Public consultation to start early 2014 - scheme based on Bristol Cycling Campaign manifesto

Bristol looks likely to get a Dutch-style cycle network after the city council adopted an ambitious plan put forward by Bristol Cycling Campaign to build a grid of commuter routes across the city.

According to the Bristol Post, Bristol City Council will put the proposal out to public consultation early next year. The plans could be signed off by Mayor George Ferguson by next Spring.

Bristol Cycling Campaign described the news as “a bit of a first” and welcomed the chance to influence the building of bike routes instead of the council “producing something on their own which needs to be changed later”. 

Mark Bradshaw, Bristol’s assistant mayor for transport, planning, strategic housing and regeneration, said: "We are producing a new cycling strategy and have been working with Bristol Cycling Campaign on plans for the strategic cycle network for the city.

"We are aiming to consult on proposals this year for a launch in early 2014 which will include many of the issues highlighted in the campaign group's manifesto.

"There are more than £10 million of new cycling measures in the council's cycling programme, including the new cycling ambition fund to improve cross-city and river links. We will continue to work with the campaign group and other stakeholders in delivering a comprehensive network for Bristol."

In its Bristol Cycling Manifesto, Bristol Cycling Campaign called for an investment of £109 million over 12 years to quadruple the level of bike use in the city. The manifesto’s aims include 30 percent of commuter journeys in Bristol being made by bike.

Martin McDonnell, from Bristol Cycling Campaign, said that the council's support is a big success for the group.

He said: "It is a significant step and a bit of a first.

"We are really pleased to be working with the council over this instead of them producing something on their own which needs to be changed later.

"It looks likely to go ahead but the issue is funding. Whether it will come from local budgets or national budgets there needs to be long-term, secured financing."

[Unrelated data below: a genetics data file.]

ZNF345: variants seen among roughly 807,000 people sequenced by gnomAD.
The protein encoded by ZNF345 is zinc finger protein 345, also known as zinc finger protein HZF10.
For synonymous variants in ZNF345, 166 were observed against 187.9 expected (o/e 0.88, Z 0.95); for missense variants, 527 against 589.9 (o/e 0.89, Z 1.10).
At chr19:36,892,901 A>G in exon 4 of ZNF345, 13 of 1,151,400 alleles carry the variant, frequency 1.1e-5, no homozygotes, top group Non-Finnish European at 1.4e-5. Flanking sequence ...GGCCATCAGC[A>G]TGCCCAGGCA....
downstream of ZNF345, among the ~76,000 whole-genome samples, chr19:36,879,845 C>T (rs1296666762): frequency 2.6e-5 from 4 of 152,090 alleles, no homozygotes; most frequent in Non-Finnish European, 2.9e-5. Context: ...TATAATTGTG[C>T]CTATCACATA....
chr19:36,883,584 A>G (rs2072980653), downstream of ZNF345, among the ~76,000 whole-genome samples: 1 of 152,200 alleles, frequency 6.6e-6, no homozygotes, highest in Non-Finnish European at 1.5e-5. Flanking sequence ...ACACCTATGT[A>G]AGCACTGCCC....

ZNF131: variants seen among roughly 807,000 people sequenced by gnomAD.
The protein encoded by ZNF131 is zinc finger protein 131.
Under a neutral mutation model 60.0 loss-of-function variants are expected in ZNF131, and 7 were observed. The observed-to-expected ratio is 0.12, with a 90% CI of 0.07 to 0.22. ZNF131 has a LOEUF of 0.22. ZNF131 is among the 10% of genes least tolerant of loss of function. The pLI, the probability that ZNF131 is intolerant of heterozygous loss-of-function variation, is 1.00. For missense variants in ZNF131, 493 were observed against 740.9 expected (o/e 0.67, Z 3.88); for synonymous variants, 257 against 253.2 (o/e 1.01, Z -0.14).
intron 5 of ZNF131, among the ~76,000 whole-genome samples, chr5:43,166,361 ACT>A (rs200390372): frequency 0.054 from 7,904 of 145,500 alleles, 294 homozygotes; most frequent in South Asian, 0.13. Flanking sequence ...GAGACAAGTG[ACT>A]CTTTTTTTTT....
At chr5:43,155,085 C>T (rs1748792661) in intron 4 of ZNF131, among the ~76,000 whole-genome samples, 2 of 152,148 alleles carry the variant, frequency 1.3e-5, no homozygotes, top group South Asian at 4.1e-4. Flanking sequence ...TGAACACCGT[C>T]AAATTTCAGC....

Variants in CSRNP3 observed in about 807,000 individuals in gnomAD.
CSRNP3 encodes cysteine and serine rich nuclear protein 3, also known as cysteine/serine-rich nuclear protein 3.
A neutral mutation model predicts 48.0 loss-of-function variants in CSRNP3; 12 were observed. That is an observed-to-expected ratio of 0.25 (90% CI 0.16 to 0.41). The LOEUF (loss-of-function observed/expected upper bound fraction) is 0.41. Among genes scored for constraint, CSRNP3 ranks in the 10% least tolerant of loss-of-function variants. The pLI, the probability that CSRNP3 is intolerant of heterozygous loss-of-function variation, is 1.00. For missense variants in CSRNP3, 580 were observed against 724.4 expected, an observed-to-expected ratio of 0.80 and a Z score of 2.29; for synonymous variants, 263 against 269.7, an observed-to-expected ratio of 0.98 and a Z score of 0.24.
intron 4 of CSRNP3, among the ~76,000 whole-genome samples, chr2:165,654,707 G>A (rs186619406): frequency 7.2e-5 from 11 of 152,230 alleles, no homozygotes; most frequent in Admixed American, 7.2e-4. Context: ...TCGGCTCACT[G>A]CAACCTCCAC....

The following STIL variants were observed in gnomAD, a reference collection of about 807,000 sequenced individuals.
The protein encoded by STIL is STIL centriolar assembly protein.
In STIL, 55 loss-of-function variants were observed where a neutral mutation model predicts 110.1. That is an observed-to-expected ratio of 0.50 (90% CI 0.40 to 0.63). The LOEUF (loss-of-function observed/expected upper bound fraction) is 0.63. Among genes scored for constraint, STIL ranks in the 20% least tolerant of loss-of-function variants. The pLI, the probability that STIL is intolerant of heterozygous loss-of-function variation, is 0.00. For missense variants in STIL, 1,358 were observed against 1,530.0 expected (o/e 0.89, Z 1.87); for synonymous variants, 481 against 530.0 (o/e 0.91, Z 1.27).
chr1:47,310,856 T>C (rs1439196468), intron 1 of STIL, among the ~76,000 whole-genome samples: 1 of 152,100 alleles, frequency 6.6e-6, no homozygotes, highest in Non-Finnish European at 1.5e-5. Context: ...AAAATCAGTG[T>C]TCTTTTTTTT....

Cycling projects in Bristol are currently funded by an allocation from the Cycle City Ambition project which put £7.8m the region’s way with a £3.3m local contribution.

That money will be used for a new pedestrian and cycle promenade across the city following the route of the River Avon; five new or improved river crossings for cyclists; the Cribbs Causeway to Emerson’s Green trunk cycle route in the North Fringe of Bristol; and the Seven Dials National Cycle Scheme in Bath City Centre.

Our official grumpy Northerner, John has been riding bikes for over 30 years since discovering as an uncoordinated teen that a sport could be fun if it didn't require you to catch a ball or get in the way of a hulking prop forward.

Road touring was followed by mountain biking and a career racing in the mud that was as brief as it was unsuccessful.

Somewhere along the line came the discovery that he could string a few words together, followed by the even more remarkable discovery that people were mug enough to pay for this rather than expecting him to do an honest day's work. He's pretty certain he's worked for even more bike publications than Mat Brett.

The inevitable 30-something MAMIL transition saw him shift to skinny tyres and these days he lives in Cambridge where the lack of hills is more than made up for by the headwinds.